Todler Torture

May 25, 2009
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When I was younger, I attended a preschool every other weekday. It was off Quentin road, which was just a minute from my house. It was a small modest building, with nothing but a couple offices and the classroom. Outside it had the most magnificent fenced in playground I had ever seen, complete with a yellow tube slide and monkey bars. My favorite part of the playground was the racetrack where I could race all my other classmates on tricycles and big wheels. The classroom was home to every toy you could imagine. There were dolls, legos, building blocks, dress-ups, you name it, and it was there. I would assume this would sound like paradise for a four year old, but for me, it was anything but that. This preschool was torture.
Every Monday, Wednesday, Friday, I would wake up and get dressed, eat breakfast, go to preschool, and count down the minutes until my parents would come pick me up. This ritual happened for about two years, until I couldn’t take it any longer. Yes, they had a menagerie of different toys and activities, but there was one thing I absolutely could not stand. NAP TIME.

Naptime for me is full of very unhappy memories. I was not a tired child so for me to have to lie down on a cot for a half hour a day was horrible. I cannot even put into words how much I dreaded naptime each day. I thought my teachers were crazy, trying to get a class full of kids to go to sleep. Everyday when naptime came along, everyone would line up their cot, lie down, and fall asleep. Everyone that is, except for me. I would lie there for what seemed like an eternity just staring into nowhere. Sometimes I would try to talk to the other kids around me, but before my lips even made a sound, there was a teacher there shushing me and yelling at me to get to sleep.
Of course I didn’t think of it then, but looking back, it was almost like preschool boot camp. Imagine a room of toddlers in the camouflage and the evil drill sergeant teachers screaming at you if they could see the whites of your eyes! That’s how I felt constantly.
After my daily scolding for talking (or attempting to talk), would come my random thoughts.
“I wonder what were having for snack today…I hope its not ants on a log again, I hate celery…and peanut butter…and raisins…”
“I totally beat Tommy today in the tricycle race, I can’t believe he still got Joe’s cookie”
“Where are my parents while I’m being tortured? Why have they abandoned me?”
“OH! LOOK! A LADY BUG!”
“I really wish I had a bow like Sarah’s”

This stage lasted the longest, and although it was silent, it still got me into a lot of trouble. Apparently if our eyes weren’t completely shut, our teachers weren’t happy. After our half-hour sentence was over, I would jump up and be the first to put my cot away. As I walked by the teachers on the way to play, I would always get the same “Who is this devil child? And why wont she just go to sleep?” look. I seemed to be a really big disappointment to my teachers.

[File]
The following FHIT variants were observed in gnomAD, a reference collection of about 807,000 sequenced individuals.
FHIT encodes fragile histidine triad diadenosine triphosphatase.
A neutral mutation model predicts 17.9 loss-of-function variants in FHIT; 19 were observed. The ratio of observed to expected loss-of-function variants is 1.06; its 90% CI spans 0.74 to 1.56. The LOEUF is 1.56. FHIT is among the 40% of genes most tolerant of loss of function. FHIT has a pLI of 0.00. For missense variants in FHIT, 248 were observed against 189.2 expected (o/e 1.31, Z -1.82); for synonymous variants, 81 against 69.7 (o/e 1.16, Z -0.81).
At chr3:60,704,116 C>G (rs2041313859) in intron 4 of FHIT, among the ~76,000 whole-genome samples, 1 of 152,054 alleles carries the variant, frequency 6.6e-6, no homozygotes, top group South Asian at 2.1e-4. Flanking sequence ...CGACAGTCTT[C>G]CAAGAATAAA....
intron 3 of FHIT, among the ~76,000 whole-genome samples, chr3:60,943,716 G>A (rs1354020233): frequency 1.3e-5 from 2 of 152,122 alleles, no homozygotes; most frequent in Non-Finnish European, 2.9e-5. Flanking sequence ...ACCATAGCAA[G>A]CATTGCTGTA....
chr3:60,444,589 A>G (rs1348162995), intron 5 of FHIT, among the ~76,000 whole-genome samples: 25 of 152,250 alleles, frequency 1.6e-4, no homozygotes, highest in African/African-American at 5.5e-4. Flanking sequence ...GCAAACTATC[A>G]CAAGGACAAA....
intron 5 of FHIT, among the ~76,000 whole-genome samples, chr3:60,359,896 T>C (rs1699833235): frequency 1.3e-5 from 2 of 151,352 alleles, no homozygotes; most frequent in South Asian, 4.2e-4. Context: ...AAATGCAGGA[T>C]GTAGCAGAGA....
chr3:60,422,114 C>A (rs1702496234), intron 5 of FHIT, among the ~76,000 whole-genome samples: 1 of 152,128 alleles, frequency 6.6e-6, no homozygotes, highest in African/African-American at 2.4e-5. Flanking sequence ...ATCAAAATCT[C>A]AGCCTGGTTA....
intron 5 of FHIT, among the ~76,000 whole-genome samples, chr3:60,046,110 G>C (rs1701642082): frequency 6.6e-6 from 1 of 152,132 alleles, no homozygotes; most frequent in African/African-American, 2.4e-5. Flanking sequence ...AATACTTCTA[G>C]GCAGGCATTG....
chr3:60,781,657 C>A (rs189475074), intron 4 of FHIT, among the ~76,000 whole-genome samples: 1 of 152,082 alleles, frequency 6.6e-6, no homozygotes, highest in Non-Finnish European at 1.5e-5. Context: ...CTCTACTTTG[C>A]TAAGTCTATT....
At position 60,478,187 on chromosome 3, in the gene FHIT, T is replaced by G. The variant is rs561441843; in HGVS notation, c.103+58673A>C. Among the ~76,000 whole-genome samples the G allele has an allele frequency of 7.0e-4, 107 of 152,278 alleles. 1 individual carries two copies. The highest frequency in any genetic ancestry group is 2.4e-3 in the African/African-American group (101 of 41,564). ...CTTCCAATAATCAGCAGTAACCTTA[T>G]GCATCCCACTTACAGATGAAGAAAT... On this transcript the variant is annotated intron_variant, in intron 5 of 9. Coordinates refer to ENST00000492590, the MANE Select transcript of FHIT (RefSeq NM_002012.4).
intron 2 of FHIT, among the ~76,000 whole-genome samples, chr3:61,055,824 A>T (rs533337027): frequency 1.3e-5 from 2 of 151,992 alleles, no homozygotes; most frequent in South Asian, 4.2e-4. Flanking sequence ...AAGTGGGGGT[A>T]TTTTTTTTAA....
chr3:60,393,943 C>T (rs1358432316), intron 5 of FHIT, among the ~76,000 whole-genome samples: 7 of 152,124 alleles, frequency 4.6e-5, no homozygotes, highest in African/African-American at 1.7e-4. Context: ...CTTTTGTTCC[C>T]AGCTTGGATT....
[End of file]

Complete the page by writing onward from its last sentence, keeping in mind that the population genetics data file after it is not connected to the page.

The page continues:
One gloomy, rainy, depressing day I decided I would try something different and actually try to fall asleep. Naptime came and I retrieved my little blue cot from the pile and placed it right in front of my teacher’s chair. I Laid down, made myself comfortable, and closed my eyes before the warden had even called for silence.
Sleep did not come easy though. I was so excited about my clever plan to get on the teacher’s good side, I couldn’t fall asleep. I was stuck between a rock and a hard place. I could open my eyes and ruin my whole plan and have to suffer more disappointment, or I could be masochistic and just lie there, eyes closed, through my boredom and suffering. It was just a half-hour, right? Wrong. It was the longest half-hour of my life. I couldn’t open my eyes, move, talk, nothing. All I could do was think about how bored I was, and how mad I was at my parents for leaving me there.
Finally, naptime was over. I was so proud of myself for keeping my eyes closed for almost the whole time (I opened them once to see if it was over yet). I guess my teacher was pretty pleased with my accomplishment too, because she pulled my aside.
“Alex, I would like you to have this. I’m very happy you finally fell asleep”
In my hand was the most amazing ring I had ever seen. I was pink and plastic, the kind you pull off cupcakes, but it had a picture of my idol on it. The Amazing, blond hair, blue eyed, Barbie. I was so happy I vowed I would fall asleep everyday for the rest of preschool.

The days passed and I got better at keeping my eyes closed for the full half-hour, I might have even dozed off a couple of times. After the Barbie ring, I got a couple more rewards: a piece of candy, a sticker. But my incentives were gone as fast as they had come, along with my determination to fall asleep. Pretty soon I was back to my old self, tormenting the other teachers and children during naptime. I guess the moral of the story is sometimes you have to do things you don’t want to do, to get what you want. And I really wanted that Barbie ring.





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